Agroecology is an alternative type of agriculture compared to conventional practices, generally based on the waste of water, chemicals and monocultures.
The unit on which it works, the agroecosystem, seeks sustainability and productivity through the application of ecological knowledge to its design and management. Do you want to know everything about what agroecology is and its importance , as well as other details? In AgroCorrn we show you the answers below.
- What is agroecology and its approach
- Is agroecology synonymous with organic farming?
- What is the importance of agroecology
- Is agroecology the future of agriculture?
What is agroecology and its approach
We can define agroecology as the science that seeks the application of ecological concepts and principles in agroecosystems to achieve double sustainability. Both at the level of the crop and the local societies that produce it.
Stephen Gliessman and Miguel Altieri are two of the scientists who have made the most contributions to the approach, very rich in theoretical contributions, but it is at the foot of the field where their proposals are put into practice.
Basically, agrosystems are sustainable agri-food systems that are based on principles such as nutrient recycling, diversity, synergies or integration. That is, the treatment of the growing space as a living place, which has value as an end in itself.
The utilitarianism of conventional agriculture is replaced by a more respectful vision of the environment, which implies an optimal use of water, the choice of suitable varieties according to the territory, the preservation of biodiversity, the use of pesticides and green manures. .
Work is done to achieve viable agroforestry and silvopastoral systems, crop rotation is carried out, among other methods of soil quality preservation. Ultimately, these agroecological practices seek to regenerate the environment without threatening it. As a consequence, the environmental impact and toxicity of food is minimized.
Is agroecology synonymous with organic farming?
The answer on whether agroecology and organic farming are the same, we have already advanced, is negative. Let us bear in mind that the purpose of agroecology is to achieve its goal. That is, to achieve that the results are as respectful with nature as possible without giving up productivity that ends the problem of food insecurity.
True to this philosophy, the implementation of agroecology can resort to whatever is necessary. This naturally includes many of the practices of organic farming, permaculture or biodynamics , let’s say. Likewise, if conventional agriculture has some kind of answer that is interesting, it does not have to be considered.
Practices can and should in the beginning obey grand principles of agroecology. But then it will be necessary to reformulate everything necessary to improve the results. One of its leading theorists, M. Griffon, calls such adjustments “bioinspiration.”
Thus, the concept of agroecology is very flexible. There are numerous approaches and definitions, so we will only find consensus with a very broad definition.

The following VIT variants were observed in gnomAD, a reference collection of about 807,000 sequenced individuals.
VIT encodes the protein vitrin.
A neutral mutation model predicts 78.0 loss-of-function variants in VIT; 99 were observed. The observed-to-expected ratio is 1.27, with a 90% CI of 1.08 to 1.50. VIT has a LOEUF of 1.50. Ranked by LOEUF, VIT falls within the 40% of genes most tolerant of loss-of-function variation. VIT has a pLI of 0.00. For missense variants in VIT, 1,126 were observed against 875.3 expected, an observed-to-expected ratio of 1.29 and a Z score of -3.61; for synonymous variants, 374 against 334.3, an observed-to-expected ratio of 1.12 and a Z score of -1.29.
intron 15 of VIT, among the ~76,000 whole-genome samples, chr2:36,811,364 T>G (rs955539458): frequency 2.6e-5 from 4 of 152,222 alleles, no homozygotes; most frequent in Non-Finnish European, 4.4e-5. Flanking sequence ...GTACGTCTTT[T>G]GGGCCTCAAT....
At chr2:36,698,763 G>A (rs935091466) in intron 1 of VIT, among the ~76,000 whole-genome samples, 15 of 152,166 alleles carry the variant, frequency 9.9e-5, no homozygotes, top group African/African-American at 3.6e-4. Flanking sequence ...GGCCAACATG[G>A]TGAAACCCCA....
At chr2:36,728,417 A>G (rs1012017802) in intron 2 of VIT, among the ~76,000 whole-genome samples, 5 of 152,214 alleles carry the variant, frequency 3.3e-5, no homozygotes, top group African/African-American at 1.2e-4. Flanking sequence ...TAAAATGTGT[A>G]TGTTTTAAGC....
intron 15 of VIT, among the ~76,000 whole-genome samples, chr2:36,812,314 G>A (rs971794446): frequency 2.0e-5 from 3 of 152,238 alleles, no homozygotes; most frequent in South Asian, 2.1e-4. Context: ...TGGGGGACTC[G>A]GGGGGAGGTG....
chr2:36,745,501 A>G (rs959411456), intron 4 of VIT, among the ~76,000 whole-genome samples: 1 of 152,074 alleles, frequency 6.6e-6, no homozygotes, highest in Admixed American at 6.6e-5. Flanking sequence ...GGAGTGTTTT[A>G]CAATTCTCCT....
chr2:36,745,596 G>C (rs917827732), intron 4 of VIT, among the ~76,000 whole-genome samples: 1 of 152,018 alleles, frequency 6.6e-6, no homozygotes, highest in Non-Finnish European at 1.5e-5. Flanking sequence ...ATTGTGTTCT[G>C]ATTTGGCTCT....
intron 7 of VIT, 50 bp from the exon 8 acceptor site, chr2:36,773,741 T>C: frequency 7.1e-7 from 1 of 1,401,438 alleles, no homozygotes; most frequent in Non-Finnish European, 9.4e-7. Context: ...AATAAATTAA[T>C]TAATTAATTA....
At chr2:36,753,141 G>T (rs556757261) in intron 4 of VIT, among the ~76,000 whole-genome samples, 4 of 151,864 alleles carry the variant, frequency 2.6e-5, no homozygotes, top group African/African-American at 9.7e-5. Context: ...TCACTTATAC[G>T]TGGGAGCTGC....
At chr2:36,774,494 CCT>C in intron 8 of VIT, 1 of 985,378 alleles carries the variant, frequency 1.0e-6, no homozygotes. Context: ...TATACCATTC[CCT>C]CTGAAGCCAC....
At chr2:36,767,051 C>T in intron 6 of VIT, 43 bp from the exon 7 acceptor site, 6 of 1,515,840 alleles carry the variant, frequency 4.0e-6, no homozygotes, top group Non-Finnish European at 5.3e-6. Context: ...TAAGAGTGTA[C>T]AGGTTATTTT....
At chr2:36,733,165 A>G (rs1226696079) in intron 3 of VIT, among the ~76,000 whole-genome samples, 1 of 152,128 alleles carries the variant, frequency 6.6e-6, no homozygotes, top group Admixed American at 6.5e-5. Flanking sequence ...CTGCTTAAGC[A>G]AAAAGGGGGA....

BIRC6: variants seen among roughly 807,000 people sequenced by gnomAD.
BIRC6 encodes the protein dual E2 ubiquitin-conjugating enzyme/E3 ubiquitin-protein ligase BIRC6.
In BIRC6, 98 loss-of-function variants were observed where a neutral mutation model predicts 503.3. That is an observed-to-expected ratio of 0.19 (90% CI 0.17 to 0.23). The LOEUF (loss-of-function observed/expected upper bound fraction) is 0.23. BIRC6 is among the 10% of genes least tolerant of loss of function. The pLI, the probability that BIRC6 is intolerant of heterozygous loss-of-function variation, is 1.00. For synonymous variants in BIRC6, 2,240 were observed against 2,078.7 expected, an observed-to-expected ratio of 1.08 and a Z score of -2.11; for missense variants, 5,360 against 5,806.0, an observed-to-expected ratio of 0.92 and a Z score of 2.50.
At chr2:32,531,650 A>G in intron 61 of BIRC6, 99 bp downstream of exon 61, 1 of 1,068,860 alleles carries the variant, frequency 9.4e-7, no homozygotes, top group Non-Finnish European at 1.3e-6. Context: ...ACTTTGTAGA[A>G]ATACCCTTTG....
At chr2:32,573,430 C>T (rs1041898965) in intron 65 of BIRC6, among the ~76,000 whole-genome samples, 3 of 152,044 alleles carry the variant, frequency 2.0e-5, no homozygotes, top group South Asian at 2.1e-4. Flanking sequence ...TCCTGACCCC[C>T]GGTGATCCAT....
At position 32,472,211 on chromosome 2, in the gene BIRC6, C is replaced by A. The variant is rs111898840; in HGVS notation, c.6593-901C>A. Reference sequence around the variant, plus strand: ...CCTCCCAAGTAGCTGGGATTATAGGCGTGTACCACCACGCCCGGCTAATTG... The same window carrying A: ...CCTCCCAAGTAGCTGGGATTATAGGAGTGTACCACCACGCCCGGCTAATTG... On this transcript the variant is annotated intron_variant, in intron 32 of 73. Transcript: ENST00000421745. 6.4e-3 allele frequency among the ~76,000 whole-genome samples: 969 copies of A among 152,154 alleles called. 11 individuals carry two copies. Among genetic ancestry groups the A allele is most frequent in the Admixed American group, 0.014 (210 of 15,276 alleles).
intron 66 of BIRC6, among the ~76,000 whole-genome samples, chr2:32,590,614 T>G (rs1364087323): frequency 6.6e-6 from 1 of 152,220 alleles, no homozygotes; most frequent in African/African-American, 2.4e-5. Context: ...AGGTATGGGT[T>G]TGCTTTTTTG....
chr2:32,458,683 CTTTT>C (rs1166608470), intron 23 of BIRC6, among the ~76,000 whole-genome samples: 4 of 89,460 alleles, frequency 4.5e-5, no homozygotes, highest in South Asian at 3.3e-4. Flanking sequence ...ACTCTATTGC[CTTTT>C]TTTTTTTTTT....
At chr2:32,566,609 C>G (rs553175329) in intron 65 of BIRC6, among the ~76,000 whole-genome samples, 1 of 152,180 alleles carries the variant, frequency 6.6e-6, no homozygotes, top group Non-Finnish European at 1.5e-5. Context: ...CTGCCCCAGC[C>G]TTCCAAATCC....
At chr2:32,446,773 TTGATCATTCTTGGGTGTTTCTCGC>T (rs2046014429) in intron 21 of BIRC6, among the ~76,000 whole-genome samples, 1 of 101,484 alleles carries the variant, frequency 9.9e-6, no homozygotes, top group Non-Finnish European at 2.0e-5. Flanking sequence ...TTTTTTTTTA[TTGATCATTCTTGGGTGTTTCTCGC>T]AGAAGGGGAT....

The definition of the Organization for Economic Cooperation and Development (OECD) could be useful because of its generality. According to it, agroecology is “the study of the relationship of agricultural crops and the environment.”
What is the importance of agroecology
Considering that, among others, agroecology is based on the principles of sustainability and equity, it is easy to intuit that these are not limited only to food production. Actually, that’s right, this way of growing food is also a commitment to solidarity with human beings and with the planet.
Although it is true that agroecology has emerged as a science with an agrarian vocation, in the same way it can be said that it is a social movement . In this sense, it seeks to launch a series of social processes capable of creating positive synergies that achieve human development from the strengthening of the local economy .
Well thought out, it is logical that it should be so. Its coherence and global vision goes beyond the earth. On the other hand, there is no doubt that both agricultural production and the way the environment is treated determine ways of life, especially in subsistence economies.
After all, natural, material, social and human goods are an interdependent whole when it comes to making decisions in one way or another. That is why agroecology as a science can encompass a myriad of theoretical and practical approaches related to the different orders of life.
Is agroecology the future of agriculture?
The agriculture of the future must face difficult challenges: reducing the emission of greenhouse gases, the pollution that affects biodiversity (especially pollinators) and the toxicity that chemical pesticides pose to humans.
In addition, it is key to maximize productivity or, at least, not be less than that currently achieved with conventional agriculture. Other great challenges refer to the use of resources such as water and soil.
What can agroecology contribute in this regard? According to the famous report on the right to food by Olivier De Schutter, reinventing agriculture is the only way out against the food crisis .
Scutter, UN Special Rapporteur on the right to food, a paradigm shift is needed, geared towards agroecology . The report promotes it as a way to end hunger in the poorest areas.
Its productivity and sustainability make it possible. Indeed, the agriculture of the future must be both sustainable and productive enough to support the growing human population. For now, many experts believe that family farming based on the principles of agroecology can feed the world.
If you want to read more articles similar to What is agroecology and its importance , we recommend that you enter our category of Other ecology .
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